L: You mention your partner Terry, he must have been a rock for you?

J: Oh for sure, I want to make that point. Support and carers are so important. They are the backbone of everything, people in my circumstance could never cope without them.

L: I find it remarkable that you continued to work while you were receiving treatment. You had dialysis in the evening, are you awake during the treatment?

J: Yes, but it takes a while to get used to it. It’s quite noisy, and makes a ‘whoosing’ noise, that’s why I call it Puff Daddy. It would definitely disturb my sleep patterns.

L: You mentioned to me earlier that you had dialysis for two-and-a-half years. What was it like to receive the phone call that a kidney was available?

J: I was driving to work, and I remember it was eight minutes past eight in the morning. I was driving along the Ring Road, and I answered and it was Paul Robinson, the transplant coordinator. I knew straight away this was the call, and I just started bawling. He said ‘we have a kidney and pancreas down here waiting for you’. Instantly, you go through all of these different emotions. It’s overwhelming to be honest. But you don’t have time to dwell, you have to get home pack your bags, and fly down. And then post-transplant, you go through many emotions. I went through grief, as I thought of the person who died that allowed me to receive these organs.

L: So you were grieving for that person as well? Do you think that’s part of your personality Janelle, that you’re an empathetic person?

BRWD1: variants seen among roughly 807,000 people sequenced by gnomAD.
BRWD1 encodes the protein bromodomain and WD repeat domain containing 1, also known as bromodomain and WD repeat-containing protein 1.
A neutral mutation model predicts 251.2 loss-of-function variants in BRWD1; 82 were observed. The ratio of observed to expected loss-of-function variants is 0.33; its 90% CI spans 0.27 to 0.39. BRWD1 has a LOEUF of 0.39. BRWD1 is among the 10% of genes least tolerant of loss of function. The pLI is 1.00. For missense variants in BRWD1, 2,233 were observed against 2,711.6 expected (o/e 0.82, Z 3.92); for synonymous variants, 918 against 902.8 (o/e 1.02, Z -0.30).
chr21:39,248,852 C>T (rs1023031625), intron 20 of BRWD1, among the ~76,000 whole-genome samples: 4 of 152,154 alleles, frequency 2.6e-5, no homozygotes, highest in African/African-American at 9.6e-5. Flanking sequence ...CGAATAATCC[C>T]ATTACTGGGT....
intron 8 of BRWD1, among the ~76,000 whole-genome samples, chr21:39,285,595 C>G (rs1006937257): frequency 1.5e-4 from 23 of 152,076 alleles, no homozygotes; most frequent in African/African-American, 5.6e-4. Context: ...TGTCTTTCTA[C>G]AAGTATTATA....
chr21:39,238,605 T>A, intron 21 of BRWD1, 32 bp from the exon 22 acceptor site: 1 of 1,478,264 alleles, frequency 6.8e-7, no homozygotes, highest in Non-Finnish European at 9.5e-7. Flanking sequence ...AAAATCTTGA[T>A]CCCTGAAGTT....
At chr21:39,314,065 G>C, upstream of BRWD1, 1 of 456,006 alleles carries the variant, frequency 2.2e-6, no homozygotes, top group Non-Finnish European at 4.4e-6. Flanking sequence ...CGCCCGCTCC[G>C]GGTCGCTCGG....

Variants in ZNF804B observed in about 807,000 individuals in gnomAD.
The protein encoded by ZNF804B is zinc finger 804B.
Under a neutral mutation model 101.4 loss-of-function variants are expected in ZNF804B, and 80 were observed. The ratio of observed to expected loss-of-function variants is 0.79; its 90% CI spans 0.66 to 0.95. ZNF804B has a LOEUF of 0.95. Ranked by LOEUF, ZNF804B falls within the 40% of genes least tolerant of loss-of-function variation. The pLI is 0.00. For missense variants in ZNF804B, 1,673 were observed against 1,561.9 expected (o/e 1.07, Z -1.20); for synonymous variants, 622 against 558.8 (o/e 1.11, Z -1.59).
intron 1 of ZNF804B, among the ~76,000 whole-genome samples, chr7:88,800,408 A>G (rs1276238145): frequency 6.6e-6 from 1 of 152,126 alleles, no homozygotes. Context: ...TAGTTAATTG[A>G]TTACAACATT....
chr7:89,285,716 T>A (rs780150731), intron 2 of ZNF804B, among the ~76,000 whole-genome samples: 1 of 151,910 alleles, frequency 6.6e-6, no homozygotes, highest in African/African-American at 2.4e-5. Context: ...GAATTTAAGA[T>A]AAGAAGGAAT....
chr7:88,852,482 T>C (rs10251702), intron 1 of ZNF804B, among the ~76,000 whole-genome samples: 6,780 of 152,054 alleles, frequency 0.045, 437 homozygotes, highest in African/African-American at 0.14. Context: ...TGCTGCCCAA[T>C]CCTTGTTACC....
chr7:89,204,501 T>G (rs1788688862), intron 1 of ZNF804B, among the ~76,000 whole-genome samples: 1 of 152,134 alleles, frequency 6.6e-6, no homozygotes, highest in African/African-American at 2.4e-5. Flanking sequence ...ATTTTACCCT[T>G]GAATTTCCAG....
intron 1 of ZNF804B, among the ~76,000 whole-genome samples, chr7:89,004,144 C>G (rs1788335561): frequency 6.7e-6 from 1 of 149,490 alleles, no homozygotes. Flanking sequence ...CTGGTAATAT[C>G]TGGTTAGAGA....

J: Yes, that’s just who I am.

L: That’s beautiful though, and I guess a natural way to feel. I know you have the option to reach out to the family. Have you chosen to do that?

J: I did, but I haven’t heard back.

L: I guess it would be hard, and people deal with grief differently. Do you know if they read your letter?

J: I hope so. Actually, my husband wrote a beautiful poem, and we put it into a card. This is the poem:

Your Gift
Words can’t erase your pain or sorrow,
Your gift has given us hope for tomorrow.
It’s been hard to watch my lovely wife
Slowly lose her zest for life.
I just want to let you know,
Our life together will continue to grow.
When you are sad and asking why,
Remember your gift has made us fly.
I don’t know if life is planned or fated,
Why things happen can’t be debated.
I do know what you have done,
Makes our life again full of fun.
Words can’t explain how I feel,
Knowing your loss is had and real.
It makes me feel quite conflicted,
The joy of life can’t be predicted.

L: That’s such a beautiful poem. How long has it been now since your transplant? And how is your body coping with it?

J: It’s been four years on the 19th of October. And yes, everything’s working beautifully. I still pinch myself to this day. I just think ‘Oh my God, what a change in life’. Life changing and life saving at the same time.

L: The other people we’ve spoken to say that one of the big things for them is that they feel they need to do justice to the person who gave their organs and live life to the fullest. Is that how you feel?

J: I think everyone needs purpose in life, and I feel I’m coming around to that now. Knowing that someone’s done this for me, a complete stranger….So yes, I want to give back to the community and society as much as possible.

Read the full Gift of Life photo essay story The gift of life

Special thanks to local organ donation specialist nurse, Karen Jenner.